Accountability measures included in the Every Student Succeeds Act
The No Child Left Behind (NCLB) law, originally passed in 2001, was instrumental in revealing for the first time vast achievement gaps for K-12 students in the United States. By requiring states to administer annual tests to measure how students were progressing, and to take action to turn around schools that were failing students, NCLB’s era of accountability led to significant growth in math and reading scores following decades of stagnation, particularly for students of color, whose scores in reading improved by as much as 20 points.
But despite these successes, it became clear that NCLB had overstepped, both by requiring states to meet unrealistic proficiency benchmarks and by prescribing a narrow, one-size-fits-all set of intervention strategies for states to use to turn around low-performing schools. Those who opposed accountability used those weaknesses to turn the law’s reauthorization process into a referendum on annual testing and federal oversight, risking a return to the days in which low-income students, students of color, and others who had once been invisible could again fall through the cracks of state education systems.
So rather than throw the NCLB baby out with the bathwater, Third Way offered a different approach. We strongly advocated for maintaining the annual tests that reveal achievement gaps and student growth (or lack thereof) while giving states greater freedom to create their own multi-measure accountability systems as long as they strongly incorporated “academic indicators” like test scores and graduation rates. This framework would maintain critical federal guardrails for those students that states had long failed, while allowing for much-needed flexibility to experiment in tailoring the most effective strategies to turn around schools that are faltering.
In coordination with civil rights groups and other key education and business stakeholders, Third Way’s media blitz, press briefings, research, talking points, and policy support helped to convince policymakers in both the House and the Senate — particularly moderate Democrats — that assessment and accountability were crucial and could be achieved while simultaneously addressing many of the complaints about the original NCLB. As a result, many lawmakers who at first were highly skeptical of annual tests and federal accountability guardrails ultimately become the biggest defenders of these policies.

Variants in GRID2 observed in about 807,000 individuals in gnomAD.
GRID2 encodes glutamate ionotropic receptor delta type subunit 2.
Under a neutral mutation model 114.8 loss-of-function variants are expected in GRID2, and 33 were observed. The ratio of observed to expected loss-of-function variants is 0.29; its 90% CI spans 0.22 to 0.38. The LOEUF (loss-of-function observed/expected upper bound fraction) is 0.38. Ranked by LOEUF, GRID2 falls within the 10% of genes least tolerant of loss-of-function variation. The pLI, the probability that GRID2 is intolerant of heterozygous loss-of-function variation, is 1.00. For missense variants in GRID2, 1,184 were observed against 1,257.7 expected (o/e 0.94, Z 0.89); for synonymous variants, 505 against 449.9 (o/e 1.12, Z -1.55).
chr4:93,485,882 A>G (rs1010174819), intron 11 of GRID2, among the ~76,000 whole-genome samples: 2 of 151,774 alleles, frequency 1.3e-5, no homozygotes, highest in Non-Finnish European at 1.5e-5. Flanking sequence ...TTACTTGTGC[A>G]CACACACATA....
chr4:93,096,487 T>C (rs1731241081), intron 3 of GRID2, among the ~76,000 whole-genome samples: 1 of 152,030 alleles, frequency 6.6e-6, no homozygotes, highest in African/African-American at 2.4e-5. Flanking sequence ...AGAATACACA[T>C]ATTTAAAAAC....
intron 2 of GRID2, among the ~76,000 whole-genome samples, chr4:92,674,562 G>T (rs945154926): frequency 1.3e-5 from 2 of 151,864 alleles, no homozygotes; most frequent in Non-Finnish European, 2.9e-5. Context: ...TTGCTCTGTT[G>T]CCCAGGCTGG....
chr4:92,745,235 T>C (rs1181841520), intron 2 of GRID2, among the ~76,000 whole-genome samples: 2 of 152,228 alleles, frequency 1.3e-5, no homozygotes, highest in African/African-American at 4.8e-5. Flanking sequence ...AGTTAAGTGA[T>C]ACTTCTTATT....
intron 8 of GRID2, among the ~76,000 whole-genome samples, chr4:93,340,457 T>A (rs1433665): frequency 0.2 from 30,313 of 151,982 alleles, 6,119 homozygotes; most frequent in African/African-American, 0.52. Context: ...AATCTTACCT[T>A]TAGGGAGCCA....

A bipartisan Congress worked to pass the Every Student Succeeds Act (ESSA), which President Obama signed in December 2015, correcting many of the pitfalls of NCLB. Today, ESSA preserves the federal testing and reporting requirements that helped to narrow achievement gaps under NCLB. But it also lets the states set their own individual goals for improvement and allows schools to measure success beyond only “proficiency” in test scores by measuring student growth over time. Further, it gives state and local actors far more ability to determine what actions to take to turn around schools that fail to perform. This setup rightfully places the states at the helm of their K-12 systems while allowing the federal government to continue to push for equity and protect low-income students, students of color, and others who have historically not been well-served by states acting alone.